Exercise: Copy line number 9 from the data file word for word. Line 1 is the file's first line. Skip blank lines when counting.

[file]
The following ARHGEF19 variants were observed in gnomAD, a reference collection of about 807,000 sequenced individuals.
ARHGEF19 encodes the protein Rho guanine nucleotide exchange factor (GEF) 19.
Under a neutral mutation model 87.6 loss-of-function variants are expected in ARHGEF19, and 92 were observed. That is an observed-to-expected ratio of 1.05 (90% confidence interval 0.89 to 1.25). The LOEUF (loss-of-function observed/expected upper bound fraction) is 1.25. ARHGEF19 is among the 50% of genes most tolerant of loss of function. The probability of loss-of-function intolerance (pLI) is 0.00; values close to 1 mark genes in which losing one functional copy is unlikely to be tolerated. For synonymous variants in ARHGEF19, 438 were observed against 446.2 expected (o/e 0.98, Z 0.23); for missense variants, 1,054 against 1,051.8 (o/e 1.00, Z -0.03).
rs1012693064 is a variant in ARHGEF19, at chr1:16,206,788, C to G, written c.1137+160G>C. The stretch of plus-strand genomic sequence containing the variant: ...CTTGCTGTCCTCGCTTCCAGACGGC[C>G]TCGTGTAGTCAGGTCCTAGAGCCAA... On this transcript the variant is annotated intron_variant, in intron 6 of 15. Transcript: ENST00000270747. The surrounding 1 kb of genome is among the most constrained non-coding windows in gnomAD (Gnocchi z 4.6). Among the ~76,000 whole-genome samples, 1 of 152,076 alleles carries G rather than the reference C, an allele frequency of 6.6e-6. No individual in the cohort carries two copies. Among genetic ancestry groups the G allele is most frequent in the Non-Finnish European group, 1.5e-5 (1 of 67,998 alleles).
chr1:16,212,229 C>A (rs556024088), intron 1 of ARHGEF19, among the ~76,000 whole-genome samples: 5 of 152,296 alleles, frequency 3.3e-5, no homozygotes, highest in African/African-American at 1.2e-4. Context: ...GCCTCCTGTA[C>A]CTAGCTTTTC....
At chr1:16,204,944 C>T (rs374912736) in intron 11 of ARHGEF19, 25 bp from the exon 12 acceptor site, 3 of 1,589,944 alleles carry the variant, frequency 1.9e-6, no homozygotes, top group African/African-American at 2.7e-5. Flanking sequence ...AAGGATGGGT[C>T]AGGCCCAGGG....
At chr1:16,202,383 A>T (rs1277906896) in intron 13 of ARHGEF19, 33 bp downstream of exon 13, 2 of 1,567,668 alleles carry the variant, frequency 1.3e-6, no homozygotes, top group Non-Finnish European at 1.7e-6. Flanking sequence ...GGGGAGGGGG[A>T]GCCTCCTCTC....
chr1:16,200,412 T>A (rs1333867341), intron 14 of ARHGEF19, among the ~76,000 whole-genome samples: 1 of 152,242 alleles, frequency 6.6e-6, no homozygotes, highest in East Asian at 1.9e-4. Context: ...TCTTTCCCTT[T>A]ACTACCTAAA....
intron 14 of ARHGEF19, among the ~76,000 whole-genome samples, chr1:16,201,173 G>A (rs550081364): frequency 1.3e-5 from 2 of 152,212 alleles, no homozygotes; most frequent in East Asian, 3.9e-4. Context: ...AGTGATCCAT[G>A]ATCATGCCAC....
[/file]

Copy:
intron 14 of ARHGEF19, among the ~76,000 whole-genome samples, chr1:16,201,173 G>A (rs550081364): frequency 1.3e-5 from 2 of 152,212 alleles, no homozygotes; most frequent in East Asian, 3.9e-4. Context: ...AGTGATCCAT[G>A]ATCATGCCAC....